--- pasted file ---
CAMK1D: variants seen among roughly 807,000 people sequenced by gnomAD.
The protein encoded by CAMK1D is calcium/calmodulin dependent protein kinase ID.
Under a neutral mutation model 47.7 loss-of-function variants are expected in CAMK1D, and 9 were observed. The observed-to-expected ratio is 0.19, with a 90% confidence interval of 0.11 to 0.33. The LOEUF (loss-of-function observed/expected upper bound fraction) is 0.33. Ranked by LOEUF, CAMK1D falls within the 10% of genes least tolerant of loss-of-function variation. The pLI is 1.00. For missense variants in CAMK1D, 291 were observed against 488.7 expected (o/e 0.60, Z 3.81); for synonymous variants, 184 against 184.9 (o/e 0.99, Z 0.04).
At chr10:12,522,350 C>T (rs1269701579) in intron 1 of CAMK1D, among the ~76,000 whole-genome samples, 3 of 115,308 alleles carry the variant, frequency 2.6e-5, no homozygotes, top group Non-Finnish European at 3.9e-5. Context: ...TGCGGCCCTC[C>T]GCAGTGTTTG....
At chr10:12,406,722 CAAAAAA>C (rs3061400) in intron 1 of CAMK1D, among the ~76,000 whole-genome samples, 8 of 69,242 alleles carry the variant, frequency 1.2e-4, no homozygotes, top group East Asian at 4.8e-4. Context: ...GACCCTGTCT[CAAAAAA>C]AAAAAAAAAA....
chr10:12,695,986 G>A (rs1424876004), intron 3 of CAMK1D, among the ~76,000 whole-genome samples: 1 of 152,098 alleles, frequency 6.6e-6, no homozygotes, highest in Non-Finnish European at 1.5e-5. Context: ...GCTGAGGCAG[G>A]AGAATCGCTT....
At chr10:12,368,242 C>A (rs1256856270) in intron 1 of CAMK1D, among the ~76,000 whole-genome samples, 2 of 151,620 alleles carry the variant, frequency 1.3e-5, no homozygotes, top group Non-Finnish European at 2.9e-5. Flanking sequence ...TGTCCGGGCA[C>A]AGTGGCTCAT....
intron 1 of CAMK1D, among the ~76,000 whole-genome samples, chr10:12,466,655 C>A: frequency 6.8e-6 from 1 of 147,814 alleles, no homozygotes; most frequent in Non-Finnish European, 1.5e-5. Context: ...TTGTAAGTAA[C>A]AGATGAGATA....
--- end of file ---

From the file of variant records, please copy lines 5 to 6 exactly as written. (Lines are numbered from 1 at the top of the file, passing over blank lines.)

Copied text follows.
At chr10:12,406,722 CAAAAAA>C (rs3061400) in intron 1 of CAMK1D, among the ~76,000 whole-genome samples, 8 of 69,242 alleles carry the variant, frequency 1.2e-4, no homozygotes, top group East Asian at 4.8e-4. Context: ...GACCCTGTCT[CAAAAAA>C]AAAAAAAAAA....
chr10:12,695,986 G>A (rs1424876004), intron 3 of CAMK1D, among the ~76,000 whole-genome samples: 1 of 152,098 alleles, frequency 6.6e-6, no homozygotes, highest in Non-Finnish European at 1.5e-5. Context: ...GCTGAGGCAG[G>A]AGAATCGCTT....